2016 was Ramos’ breakout year, as in 131 games, he would bat .307 with 22 home runs 80 RBIs. Unfortunately, his season was cut short due to another torn ACL, although he still managed win the National League Silver Slugger award.

The Nationals decided to let the injured Ramos walk in free agency, so the 29-year-old Ramos chose to sign a two-year deal with the Tampa Bay Rays.

2017 season

Ramos’ 2017 campaign didn’t begin until June 24, as he was still rehabbing from his second torn ACL. In 64 games, Ramos would bat .260 with 11 home runs and 35 RBIs. Over a 162-game sample size, Ramos would have been on pace to hit 27 home runs with 88 RBIs. I understand he has never, and may never, play in more than 135 games, although it is important to understand his offensive potential when healthy.

2018 outlook

Wilson Ramos fantasy

Wilson Ramos is a top-10 catcher offensively, and I would love to have him on my roster in 2018.  (Photo: Getty Images)

Ramos spent the majority of the season batting fifth, sixth and seventh in the Rays lineup, so we can assume he will bat primarily in the second third of the lineup in 2018. The Rays lineup is interesting, as they ranked sixth in home runs with 226 and sixth to last in batting average at .245. The Rays were also the only team in the MLB to have more home runs than doubles.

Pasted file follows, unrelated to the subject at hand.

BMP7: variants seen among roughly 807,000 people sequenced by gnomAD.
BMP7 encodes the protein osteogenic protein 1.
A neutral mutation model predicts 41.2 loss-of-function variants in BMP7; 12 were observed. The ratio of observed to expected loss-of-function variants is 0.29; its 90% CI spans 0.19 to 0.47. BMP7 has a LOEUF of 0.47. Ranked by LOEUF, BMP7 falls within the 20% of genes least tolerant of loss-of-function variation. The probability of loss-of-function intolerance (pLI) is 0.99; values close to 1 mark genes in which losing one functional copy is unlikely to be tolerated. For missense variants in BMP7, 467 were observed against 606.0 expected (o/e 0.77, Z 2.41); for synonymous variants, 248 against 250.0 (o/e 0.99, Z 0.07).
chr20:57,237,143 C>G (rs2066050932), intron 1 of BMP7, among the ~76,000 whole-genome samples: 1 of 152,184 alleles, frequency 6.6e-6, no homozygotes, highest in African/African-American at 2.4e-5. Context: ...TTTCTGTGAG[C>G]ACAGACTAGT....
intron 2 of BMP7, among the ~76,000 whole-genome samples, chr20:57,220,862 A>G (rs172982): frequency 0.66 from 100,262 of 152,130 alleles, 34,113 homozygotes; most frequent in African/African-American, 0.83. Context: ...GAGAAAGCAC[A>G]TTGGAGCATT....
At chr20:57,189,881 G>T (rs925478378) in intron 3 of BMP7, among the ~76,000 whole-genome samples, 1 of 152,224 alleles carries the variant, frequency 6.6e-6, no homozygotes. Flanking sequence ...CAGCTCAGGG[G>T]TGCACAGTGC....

It is clear that a healthy Ramos can help balance this offense out. I expect Ramos to play in no more than 135 games, although I do anticipate him to bat above .270 with at least 40 extra base hits. When healthy, Ramos is a top-10 catcher offensively, and I would love to have him on my roster in 2018.

 

 

Featured image by RaysColoredGlasses.com

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Eddie Rosario 2018

Eddie Rosario’s outlook for the 2018 MLB season

Background

Eddie Rosario 2018

Eddie Rosario began 2015 with Triple-A Rochester, and was given a call to the majors in May. (Photo by Paul Sancya)

Eddie Rosario was drafted in the fourth round of the 2010 MLB Amateur Draft by the Minnesota Twins. The Puerto Rican international began his professional career in rookie ball, where he would spend two seasons, batting a combined .318 with 26 home runs, 105 runs scored, 86 RBIs and 39 stolen bases in 118 games.